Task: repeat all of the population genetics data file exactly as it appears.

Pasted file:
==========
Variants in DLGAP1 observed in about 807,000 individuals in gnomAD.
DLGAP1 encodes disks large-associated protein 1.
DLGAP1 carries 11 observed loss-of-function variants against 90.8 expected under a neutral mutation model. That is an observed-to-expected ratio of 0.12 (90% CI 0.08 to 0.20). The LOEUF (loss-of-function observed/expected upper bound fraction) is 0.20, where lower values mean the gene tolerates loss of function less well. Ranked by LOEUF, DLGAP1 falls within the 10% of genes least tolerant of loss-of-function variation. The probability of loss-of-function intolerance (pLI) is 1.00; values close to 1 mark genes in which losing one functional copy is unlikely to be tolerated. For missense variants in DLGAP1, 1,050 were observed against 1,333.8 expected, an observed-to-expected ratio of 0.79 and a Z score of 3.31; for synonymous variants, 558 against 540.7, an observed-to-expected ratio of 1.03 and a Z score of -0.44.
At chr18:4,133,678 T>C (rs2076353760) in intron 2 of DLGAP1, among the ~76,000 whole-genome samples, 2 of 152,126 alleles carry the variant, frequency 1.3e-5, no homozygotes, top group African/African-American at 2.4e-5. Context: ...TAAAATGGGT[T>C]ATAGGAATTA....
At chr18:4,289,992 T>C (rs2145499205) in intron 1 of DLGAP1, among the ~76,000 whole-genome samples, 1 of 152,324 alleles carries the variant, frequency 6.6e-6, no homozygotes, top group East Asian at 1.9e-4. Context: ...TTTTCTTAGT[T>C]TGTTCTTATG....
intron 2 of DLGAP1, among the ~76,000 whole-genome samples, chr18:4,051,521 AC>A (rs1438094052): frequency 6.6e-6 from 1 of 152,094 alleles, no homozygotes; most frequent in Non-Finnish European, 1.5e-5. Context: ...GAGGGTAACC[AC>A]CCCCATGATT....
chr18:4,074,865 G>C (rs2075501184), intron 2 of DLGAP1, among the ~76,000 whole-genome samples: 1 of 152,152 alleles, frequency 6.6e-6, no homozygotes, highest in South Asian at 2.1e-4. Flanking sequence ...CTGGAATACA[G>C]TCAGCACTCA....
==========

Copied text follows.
Variants in DLGAP1 observed in about 807,000 individuals in gnomAD.
DLGAP1 encodes disks large-associated protein 1.
DLGAP1 carries 11 observed loss-of-function variants against 90.8 expected under a neutral mutation model. That is an observed-to-expected ratio of 0.12 (90% CI 0.08 to 0.20). The LOEUF (loss-of-function observed/expected upper bound fraction) is 0.20, where lower values mean the gene tolerates loss of function less well. Ranked by LOEUF, DLGAP1 falls within the 10% of genes least tolerant of loss-of-function variation. The probability of loss-of-function intolerance (pLI) is 1.00; values close to 1 mark genes in which losing one functional copy is unlikely to be tolerated. For missense variants in DLGAP1, 1,050 were observed against 1,333.8 expected, an observed-to-expected ratio of 0.79 and a Z score of 3.31; for synonymous variants, 558 against 540.7, an observed-to-expected ratio of 1.03 and a Z score of -0.44.
At chr18:4,133,678 T>C (rs2076353760) in intron 2 of DLGAP1, among the ~76,000 whole-genome samples, 2 of 152,126 alleles carry the variant, frequency 1.3e-5, no homozygotes, top group African/African-American at 2.4e-5. Context: ...TAAAATGGGT[T>C]ATAGGAATTA....
At chr18:4,289,992 T>C (rs2145499205) in intron 1 of DLGAP1, among the ~76,000 whole-genome samples, 1 of 152,324 alleles carries the variant, frequency 6.6e-6, no homozygotes, top group East Asian at 1.9e-4. Context: ...TTTTCTTAGT[T>C]TGTTCTTATG....
intron 2 of DLGAP1, among the ~76,000 whole-genome samples, chr18:4,051,521 AC>A (rs1438094052): frequency 6.6e-6 from 1 of 152,094 alleles, no homozygotes; most frequent in Non-Finnish European, 1.5e-5. Context: ...GAGGGTAACC[AC>A]CCCCATGATT....
chr18:4,074,865 G>C (rs2075501184), intron 2 of DLGAP1, among the ~76,000 whole-genome samples: 1 of 152,152 alleles, frequency 6.6e-6, no homozygotes, highest in South Asian at 2.1e-4. Flanking sequence ...CTGGAATACA[G>C]TCAGCACTCA....